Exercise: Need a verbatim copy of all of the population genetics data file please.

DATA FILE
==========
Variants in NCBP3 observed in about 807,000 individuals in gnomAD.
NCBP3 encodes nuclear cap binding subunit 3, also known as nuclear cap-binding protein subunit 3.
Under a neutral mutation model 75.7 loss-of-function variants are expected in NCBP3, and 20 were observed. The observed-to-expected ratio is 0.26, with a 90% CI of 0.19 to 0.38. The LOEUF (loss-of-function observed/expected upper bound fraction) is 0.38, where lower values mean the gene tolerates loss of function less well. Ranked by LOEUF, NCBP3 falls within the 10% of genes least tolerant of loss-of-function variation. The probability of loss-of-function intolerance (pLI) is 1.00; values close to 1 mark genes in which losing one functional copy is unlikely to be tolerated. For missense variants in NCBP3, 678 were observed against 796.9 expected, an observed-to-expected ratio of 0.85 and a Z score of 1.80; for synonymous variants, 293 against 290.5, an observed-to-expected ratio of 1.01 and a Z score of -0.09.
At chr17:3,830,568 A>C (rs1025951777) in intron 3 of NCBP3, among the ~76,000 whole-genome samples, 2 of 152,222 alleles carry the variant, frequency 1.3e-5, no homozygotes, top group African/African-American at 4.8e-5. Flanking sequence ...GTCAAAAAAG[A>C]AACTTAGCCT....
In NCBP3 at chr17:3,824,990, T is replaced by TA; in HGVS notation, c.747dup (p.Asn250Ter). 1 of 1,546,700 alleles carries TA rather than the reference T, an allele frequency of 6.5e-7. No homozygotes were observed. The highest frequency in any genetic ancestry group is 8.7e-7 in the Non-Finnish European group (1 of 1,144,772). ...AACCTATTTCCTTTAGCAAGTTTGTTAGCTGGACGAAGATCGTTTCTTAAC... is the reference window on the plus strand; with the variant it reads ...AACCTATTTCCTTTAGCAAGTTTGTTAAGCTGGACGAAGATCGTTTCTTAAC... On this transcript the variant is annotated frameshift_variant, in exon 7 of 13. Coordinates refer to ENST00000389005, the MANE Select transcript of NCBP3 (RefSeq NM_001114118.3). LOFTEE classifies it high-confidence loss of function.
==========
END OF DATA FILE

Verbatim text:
Variants in NCBP3 observed in about 807,000 individuals in gnomAD.
NCBP3 encodes nuclear cap binding subunit 3, also known as nuclear cap-binding protein subunit 3.
Under a neutral mutation model 75.7 loss-of-function variants are expected in NCBP3, and 20 were observed. The observed-to-expected ratio is 0.26, with a 90% CI of 0.19 to 0.38. The LOEUF (loss-of-function observed/expected upper bound fraction) is 0.38, where lower values mean the gene tolerates loss of function less well. Ranked by LOEUF, NCBP3 falls within the 10% of genes least tolerant of loss-of-function variation. The probability of loss-of-function intolerance (pLI) is 1.00; values close to 1 mark genes in which losing one functional copy is unlikely to be tolerated. For missense variants in NCBP3, 678 were observed against 796.9 expected, an observed-to-expected ratio of 0.85 and a Z score of 1.80; for synonymous variants, 293 against 290.5, an observed-to-expected ratio of 1.01 and a Z score of -0.09.
At chr17:3,830,568 A>C (rs1025951777) in intron 3 of NCBP3, among the ~76,000 whole-genome samples, 2 of 152,222 alleles carry the variant, frequency 1.3e-5, no homozygotes, top group African/African-American at 4.8e-5. Flanking sequence ...GTCAAAAAAG[A>C]AACTTAGCCT....
In NCBP3 at chr17:3,824,990, T is replaced by TA; in HGVS notation, c.747dup (p.Asn250Ter). 1 of 1,546,700 alleles carries TA rather than the reference T, an allele frequency of 6.5e-7. No homozygotes were observed. The highest frequency in any genetic ancestry group is 8.7e-7 in the Non-Finnish European group (1 of 1,144,772). ...AACCTATTTCCTTTAGCAAGTTTGTTAGCTGGACGAAGATCGTTTCTTAAC... is the reference window on the plus strand; with the variant it reads ...AACCTATTTCCTTTAGCAAGTTTGTTAAGCTGGACGAAGATCGTTTCTTAAC... On this transcript the variant is annotated frameshift_variant, in exon 7 of 13. Coordinates refer to ENST00000389005, the MANE Select transcript of NCBP3 (RefSeq NM_001114118.3). LOFTEE classifies it high-confidence loss of function.